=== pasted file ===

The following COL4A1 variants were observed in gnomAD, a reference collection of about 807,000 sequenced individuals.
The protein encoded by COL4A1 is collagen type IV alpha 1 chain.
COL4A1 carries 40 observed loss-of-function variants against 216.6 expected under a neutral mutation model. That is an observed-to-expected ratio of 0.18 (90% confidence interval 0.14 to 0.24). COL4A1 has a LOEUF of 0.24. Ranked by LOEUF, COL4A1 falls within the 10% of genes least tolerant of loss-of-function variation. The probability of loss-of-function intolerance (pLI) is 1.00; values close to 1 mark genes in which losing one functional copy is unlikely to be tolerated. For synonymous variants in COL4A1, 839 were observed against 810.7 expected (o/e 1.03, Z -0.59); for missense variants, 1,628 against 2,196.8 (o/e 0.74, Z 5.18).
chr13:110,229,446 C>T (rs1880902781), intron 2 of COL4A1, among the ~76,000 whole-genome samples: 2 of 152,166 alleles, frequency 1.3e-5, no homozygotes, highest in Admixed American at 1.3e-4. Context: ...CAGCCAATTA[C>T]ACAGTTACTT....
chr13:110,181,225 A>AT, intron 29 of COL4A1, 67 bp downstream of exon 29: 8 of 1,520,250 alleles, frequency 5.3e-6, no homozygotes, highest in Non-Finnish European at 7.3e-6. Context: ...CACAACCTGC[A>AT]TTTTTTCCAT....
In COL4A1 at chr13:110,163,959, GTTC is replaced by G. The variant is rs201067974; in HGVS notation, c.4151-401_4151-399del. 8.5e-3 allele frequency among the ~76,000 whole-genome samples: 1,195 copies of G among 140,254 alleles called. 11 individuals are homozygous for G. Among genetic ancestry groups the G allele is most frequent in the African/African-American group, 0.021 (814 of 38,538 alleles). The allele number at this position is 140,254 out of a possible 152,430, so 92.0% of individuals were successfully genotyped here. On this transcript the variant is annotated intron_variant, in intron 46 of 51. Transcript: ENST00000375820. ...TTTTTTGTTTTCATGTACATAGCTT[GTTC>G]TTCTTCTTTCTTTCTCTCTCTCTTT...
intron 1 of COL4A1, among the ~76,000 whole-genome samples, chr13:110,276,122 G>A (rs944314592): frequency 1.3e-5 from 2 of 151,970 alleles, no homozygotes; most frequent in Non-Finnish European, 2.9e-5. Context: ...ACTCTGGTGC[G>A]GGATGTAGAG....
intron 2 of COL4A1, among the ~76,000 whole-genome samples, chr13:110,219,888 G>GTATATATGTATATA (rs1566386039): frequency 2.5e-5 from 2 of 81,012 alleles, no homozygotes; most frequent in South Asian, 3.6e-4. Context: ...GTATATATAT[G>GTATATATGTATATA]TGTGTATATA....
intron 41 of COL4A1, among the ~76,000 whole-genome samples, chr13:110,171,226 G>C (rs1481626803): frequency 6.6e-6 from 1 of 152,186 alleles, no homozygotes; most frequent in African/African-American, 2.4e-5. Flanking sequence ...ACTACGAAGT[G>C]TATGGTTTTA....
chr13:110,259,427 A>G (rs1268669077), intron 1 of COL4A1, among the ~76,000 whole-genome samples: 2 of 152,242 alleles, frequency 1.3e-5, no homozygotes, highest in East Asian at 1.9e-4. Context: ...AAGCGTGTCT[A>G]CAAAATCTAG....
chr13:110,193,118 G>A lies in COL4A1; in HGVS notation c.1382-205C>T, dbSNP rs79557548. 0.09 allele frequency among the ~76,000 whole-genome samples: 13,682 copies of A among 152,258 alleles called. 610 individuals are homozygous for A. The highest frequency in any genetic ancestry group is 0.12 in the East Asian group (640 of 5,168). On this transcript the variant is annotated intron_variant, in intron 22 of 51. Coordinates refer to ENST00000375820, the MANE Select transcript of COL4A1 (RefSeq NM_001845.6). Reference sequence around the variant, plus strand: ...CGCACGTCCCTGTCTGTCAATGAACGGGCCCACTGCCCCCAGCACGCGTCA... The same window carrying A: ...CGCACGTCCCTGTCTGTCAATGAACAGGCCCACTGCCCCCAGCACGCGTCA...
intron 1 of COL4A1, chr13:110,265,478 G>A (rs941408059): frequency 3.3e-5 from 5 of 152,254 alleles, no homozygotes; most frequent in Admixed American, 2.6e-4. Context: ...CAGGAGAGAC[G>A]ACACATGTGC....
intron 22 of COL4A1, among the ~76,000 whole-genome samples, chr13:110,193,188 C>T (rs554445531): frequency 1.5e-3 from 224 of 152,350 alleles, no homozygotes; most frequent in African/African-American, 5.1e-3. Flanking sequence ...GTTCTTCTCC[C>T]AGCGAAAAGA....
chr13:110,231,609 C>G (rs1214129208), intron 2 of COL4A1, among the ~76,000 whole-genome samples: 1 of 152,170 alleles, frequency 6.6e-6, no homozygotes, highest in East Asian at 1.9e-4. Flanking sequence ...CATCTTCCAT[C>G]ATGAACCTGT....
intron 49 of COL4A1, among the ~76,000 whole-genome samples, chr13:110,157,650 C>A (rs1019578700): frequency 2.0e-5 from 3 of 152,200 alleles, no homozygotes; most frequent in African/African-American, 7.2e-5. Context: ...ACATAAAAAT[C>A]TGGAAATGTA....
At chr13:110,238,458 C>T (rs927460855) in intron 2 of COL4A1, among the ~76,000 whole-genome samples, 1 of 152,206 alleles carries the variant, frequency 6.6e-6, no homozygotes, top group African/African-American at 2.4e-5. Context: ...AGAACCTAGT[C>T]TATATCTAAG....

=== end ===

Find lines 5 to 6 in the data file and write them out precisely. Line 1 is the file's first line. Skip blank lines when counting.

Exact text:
chr13:110,181,225 A>AT, intron 29 of COL4A1, 67 bp downstream of exon 29: 8 of 1,520,250 alleles, frequency 5.3e-6, no homozygotes, highest in Non-Finnish European at 7.3e-6. Context: ...CACAACCTGC[A>AT]TTTTTTCCAT....
In COL4A1 at chr13:110,163,959, GTTC is replaced by G. The variant is rs201067974; in HGVS notation, c.4151-401_4151-399del. 8.5e-3 allele frequency among the ~76,000 whole-genome samples: 1,195 copies of G among 140,254 alleles called. 11 individuals are homozygous for G. Among genetic ancestry groups the G allele is most frequent in the African/African-American group, 0.021 (814 of 38,538 alleles). The allele number at this position is 140,254 out of a possible 152,430, so 92.0% of individuals were successfully genotyped here. On this transcript the variant is annotated intron_variant, in intron 46 of 51. Transcript: ENST00000375820. ...TTTTTTGTTTTCATGTACATAGCTT[GTTC>G]TTCTTCTTTCTTTCTCTCTCTCTTT...